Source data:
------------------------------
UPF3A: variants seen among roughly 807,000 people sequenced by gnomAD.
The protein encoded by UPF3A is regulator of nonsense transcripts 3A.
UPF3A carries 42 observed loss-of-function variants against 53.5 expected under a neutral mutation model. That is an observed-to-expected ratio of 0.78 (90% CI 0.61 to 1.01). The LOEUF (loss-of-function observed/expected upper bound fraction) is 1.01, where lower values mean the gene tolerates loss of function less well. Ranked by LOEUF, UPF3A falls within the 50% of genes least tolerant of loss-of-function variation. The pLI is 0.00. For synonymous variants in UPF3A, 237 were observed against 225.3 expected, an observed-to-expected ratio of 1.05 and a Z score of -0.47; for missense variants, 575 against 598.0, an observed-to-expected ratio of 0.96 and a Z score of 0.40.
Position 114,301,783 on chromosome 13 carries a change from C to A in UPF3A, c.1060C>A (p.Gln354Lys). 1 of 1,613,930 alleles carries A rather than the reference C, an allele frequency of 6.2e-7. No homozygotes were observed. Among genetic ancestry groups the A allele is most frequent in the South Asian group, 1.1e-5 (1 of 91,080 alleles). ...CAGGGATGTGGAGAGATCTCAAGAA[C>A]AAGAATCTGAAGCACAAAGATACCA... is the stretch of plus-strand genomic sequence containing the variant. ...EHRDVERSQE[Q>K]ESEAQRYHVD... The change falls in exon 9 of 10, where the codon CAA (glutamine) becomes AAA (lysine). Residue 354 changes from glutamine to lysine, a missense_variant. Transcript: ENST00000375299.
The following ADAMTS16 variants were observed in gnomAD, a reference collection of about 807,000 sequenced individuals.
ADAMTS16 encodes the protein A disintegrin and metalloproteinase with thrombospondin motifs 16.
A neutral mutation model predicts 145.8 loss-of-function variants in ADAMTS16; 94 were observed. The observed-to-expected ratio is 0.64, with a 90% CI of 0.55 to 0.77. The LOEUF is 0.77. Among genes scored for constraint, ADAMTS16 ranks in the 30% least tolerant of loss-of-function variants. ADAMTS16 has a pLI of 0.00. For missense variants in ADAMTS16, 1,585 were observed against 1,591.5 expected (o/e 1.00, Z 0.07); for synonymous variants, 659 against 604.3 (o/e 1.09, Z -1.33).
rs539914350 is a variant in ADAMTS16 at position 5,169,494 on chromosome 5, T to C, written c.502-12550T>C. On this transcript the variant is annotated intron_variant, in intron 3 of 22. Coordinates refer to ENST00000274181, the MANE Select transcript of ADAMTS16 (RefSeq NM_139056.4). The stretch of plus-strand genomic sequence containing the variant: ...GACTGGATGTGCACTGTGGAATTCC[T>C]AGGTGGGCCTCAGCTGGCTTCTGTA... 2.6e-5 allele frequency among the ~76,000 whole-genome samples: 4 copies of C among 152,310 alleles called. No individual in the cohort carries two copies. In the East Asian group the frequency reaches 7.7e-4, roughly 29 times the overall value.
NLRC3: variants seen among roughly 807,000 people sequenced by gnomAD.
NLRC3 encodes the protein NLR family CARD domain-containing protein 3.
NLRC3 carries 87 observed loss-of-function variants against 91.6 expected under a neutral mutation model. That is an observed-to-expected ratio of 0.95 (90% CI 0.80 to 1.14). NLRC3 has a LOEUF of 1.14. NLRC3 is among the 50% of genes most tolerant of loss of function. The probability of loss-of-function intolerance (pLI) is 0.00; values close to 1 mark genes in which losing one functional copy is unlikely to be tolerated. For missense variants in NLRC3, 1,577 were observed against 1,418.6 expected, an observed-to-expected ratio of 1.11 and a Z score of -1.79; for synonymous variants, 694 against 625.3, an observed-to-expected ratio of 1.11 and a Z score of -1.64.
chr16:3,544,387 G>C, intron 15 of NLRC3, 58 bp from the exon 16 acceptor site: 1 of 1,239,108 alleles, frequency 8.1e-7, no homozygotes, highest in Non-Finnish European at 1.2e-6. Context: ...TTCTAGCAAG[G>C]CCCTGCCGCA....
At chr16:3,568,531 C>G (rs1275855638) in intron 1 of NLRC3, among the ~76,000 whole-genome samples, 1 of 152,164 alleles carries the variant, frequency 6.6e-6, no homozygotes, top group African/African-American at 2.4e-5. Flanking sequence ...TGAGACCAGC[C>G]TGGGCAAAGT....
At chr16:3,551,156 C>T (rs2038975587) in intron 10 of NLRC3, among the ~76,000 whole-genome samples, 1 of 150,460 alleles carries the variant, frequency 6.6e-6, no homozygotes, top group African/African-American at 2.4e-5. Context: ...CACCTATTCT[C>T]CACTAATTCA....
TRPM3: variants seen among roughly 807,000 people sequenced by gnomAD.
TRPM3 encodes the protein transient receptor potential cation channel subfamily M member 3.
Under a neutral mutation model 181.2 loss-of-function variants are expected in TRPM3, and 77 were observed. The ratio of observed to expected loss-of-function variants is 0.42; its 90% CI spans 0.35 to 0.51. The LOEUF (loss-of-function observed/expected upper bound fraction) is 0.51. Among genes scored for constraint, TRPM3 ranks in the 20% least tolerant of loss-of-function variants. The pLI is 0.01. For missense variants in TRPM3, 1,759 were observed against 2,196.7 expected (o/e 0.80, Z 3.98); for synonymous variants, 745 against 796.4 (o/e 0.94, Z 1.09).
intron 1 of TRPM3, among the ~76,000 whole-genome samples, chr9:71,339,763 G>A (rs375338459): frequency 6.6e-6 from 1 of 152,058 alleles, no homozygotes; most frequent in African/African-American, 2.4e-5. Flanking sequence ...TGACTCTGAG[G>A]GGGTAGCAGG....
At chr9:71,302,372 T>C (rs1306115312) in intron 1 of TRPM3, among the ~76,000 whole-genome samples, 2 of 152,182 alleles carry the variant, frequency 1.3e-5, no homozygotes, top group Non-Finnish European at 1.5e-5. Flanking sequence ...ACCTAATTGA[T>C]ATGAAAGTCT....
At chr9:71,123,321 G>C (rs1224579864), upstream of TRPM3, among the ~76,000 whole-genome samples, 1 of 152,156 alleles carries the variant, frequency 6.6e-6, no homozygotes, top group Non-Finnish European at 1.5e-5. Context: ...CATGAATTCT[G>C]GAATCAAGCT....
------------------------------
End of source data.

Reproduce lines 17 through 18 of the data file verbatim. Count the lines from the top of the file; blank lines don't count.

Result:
Under a neutral mutation model 181.2 loss-of-function variants are expected in TRPM3, and 77 were observed. The ratio of observed to expected loss-of-function variants is 0.42; its 90% CI spans 0.35 to 0.51. The LOEUF (loss-of-function observed/expected upper bound fraction) is 0.51. Among genes scored for constraint, TRPM3 ranks in the 20% least tolerant of loss-of-function variants. The pLI is 0.01. For missense variants in TRPM3, 1,759 were observed against 2,196.7 expected (o/e 0.80, Z 3.98); for synonymous variants, 745 against 796.4 (o/e 0.94, Z 1.09).
intron 1 of TRPM3, among the ~76,000 whole-genome samples, chr9:71,339,763 G>A (rs375338459): frequency 6.6e-6 from 1 of 152,058 alleles, no homozygotes; most frequent in African/African-American, 2.4e-5. Flanking sequence ...TGACTCTGAG[G>A]GGGTAGCAGG....